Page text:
Here in Jersey we have many companies who have a fascinating and storied history of how the business came to be how is is today. Video is the best way of telling this tale. There are many ways to show how a company was born, and how it developed over the years. Utilising video will draw more eyes to your business, and can be a way for you to entice more people to your business. Naturally as humans, we’re drawn to people, objects and businesses with an interesting story to tell. Let’s see how you could tell your story. If you’re interested in discussing how Maple Rock Studios could help you lay out your history in the form of video, then please get in contact with us.
Below are some examples of well known businesses who have chosen to use video to exemplify their history:
This video showing the history of Burberry almost acts as a film trailer for the brand. The video exemplifies how historically important Burberry is as a brand by placing the actors alongside key moments in history associated with the brand, such as the War and the Shackleton Arctic Expedition.
Ultimately, what Burberry tries to exemplify is that they sell beautiful clothing through a beautifully made video. While using the video as a means to also tell a tale of their history. Therefore, serving two purposes. Both as an information piece, and a sales piece. This is a perfect example of video showing a brands message in a subtle and meaningful way.
Levi Strauss (Levi Jeans)
This video utilises more of a speech to camera setup. The video features a Levi Strauss historian to walk us through the story of the world renowned denim brand. The company use this video as an opportunity to highlight social change and includes the anti-war movement and the fall of the Berlin Wall.
The filming of this video is different to that of the Burberry video, as it is more of a documentary style, rather than a cinematic style of video. They subtly use archive photographs and historical memorabilia throughout the years to capture their strong historic brand.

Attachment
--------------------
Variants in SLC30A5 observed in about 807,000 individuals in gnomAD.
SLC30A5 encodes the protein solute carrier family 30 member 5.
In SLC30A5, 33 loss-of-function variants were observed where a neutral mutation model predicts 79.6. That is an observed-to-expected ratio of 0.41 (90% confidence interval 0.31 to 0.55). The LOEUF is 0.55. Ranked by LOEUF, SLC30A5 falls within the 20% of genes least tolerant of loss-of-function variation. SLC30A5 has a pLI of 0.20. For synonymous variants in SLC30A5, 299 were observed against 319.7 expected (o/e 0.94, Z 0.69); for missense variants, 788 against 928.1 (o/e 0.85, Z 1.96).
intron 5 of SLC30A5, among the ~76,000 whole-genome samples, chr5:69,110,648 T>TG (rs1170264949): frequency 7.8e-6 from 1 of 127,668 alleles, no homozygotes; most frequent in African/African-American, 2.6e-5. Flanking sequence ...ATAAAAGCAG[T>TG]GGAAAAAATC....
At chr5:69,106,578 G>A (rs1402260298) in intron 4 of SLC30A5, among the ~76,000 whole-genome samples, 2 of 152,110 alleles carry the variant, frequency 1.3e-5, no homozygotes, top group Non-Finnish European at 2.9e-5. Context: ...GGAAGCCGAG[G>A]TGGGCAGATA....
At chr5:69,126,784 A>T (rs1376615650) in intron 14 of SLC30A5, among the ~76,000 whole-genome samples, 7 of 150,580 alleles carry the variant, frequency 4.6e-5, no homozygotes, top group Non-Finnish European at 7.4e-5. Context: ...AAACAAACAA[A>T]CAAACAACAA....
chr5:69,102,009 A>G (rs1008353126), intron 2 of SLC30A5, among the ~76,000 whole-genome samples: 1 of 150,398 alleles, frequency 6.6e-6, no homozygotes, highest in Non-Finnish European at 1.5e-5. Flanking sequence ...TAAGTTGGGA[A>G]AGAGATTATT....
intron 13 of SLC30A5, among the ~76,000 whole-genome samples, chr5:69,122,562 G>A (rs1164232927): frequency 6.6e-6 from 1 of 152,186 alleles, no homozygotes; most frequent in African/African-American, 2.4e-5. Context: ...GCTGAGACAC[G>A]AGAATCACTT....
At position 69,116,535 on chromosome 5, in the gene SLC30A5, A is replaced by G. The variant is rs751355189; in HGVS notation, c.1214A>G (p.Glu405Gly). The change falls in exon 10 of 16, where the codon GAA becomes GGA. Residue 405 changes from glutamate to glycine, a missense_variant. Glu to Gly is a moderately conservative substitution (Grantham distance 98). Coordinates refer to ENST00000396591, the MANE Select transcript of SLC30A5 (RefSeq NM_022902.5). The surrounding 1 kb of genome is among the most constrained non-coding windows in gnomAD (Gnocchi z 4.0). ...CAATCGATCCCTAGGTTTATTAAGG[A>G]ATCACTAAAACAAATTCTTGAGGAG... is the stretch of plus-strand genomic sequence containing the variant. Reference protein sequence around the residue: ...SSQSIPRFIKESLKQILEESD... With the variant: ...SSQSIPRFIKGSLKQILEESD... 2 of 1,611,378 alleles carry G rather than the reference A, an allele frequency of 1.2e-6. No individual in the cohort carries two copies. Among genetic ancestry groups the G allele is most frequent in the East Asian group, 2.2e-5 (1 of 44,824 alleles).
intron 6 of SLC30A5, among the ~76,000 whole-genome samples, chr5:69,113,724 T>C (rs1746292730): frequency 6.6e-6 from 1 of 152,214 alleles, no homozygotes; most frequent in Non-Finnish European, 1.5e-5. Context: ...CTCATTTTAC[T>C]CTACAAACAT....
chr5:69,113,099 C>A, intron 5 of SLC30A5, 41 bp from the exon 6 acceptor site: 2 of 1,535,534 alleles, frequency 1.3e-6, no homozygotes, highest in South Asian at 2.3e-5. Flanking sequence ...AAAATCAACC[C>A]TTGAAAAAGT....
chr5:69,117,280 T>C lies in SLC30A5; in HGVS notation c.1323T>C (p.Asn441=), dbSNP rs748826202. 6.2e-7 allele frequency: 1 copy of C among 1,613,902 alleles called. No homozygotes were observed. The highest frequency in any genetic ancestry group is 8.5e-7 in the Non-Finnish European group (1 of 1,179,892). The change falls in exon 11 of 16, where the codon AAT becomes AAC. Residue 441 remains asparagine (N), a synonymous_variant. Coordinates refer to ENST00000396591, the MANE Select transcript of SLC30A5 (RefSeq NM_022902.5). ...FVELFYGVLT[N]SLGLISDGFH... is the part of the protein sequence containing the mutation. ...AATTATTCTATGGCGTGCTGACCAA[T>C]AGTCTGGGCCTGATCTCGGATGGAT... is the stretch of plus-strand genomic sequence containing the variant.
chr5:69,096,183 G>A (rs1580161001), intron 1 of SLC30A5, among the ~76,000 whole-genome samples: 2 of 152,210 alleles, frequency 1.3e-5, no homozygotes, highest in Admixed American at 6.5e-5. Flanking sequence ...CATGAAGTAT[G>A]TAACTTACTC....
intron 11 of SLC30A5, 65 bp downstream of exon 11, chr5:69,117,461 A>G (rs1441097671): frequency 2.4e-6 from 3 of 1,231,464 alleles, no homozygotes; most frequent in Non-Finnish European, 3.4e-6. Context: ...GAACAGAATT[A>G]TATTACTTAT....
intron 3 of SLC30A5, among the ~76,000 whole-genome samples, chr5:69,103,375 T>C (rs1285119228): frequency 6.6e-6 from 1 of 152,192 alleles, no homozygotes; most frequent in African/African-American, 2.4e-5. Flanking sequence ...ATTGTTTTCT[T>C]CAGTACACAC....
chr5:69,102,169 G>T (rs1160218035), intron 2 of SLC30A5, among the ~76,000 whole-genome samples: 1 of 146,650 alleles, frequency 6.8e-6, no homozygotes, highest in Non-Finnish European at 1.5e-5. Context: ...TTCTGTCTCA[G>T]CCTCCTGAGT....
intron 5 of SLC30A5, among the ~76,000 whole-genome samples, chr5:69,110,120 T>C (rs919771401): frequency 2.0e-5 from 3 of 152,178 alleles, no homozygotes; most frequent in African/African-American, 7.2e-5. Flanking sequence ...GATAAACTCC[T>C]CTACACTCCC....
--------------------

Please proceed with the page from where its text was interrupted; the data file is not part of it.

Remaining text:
This video’s goal is to create a feeling of relation for the mass market. Specifically, for their target market to relate to the brand.
This video is more similar in style to the Burberry video we discussed initially. It is a very cinematic approach with a high production value. With the video only standing a one minute long, they have carefully selected their shots in order to say a lot in a short amount of time.
The video shows the hardship of an incoming immigrant to the US. Again, this advert likely has been created in a manner to resonate feelings close to home of many people living in the US.
Emotions are what cause people to buy products. Very rarely do we open our wallets using logical thought. Often when we think we’re purchasing logically, we’re still subconsciously being driven by emotion in one way or another.
Emotion is what drives this Budweiser historical video. Whether it be through feelings of relation to the characters in the video, or a feeling of empathy. It drives home the message that Budweiser has a long and storied history as a liberal drinks brand for the open-minded American.
HSBC like Levi’s took a documentary approach to their video. The video gives a nod to the Asian roots of HSBC, but while maintaining the UK focus of the brand.
They have clearly selected an HSBC employee who they found to be very relatable in order to represent the everyday person who may work for HSBC. The video takes us through the years of HSBC associated with World War II, and specifically the employee (Sandra) finding out the long and storied history of the company. We’re learning vicariously through someone else, which can be more engaging and subtle than someone talking “at you” in an informational video.
This is a very effective usage of video to engage people with the brand of HSBC.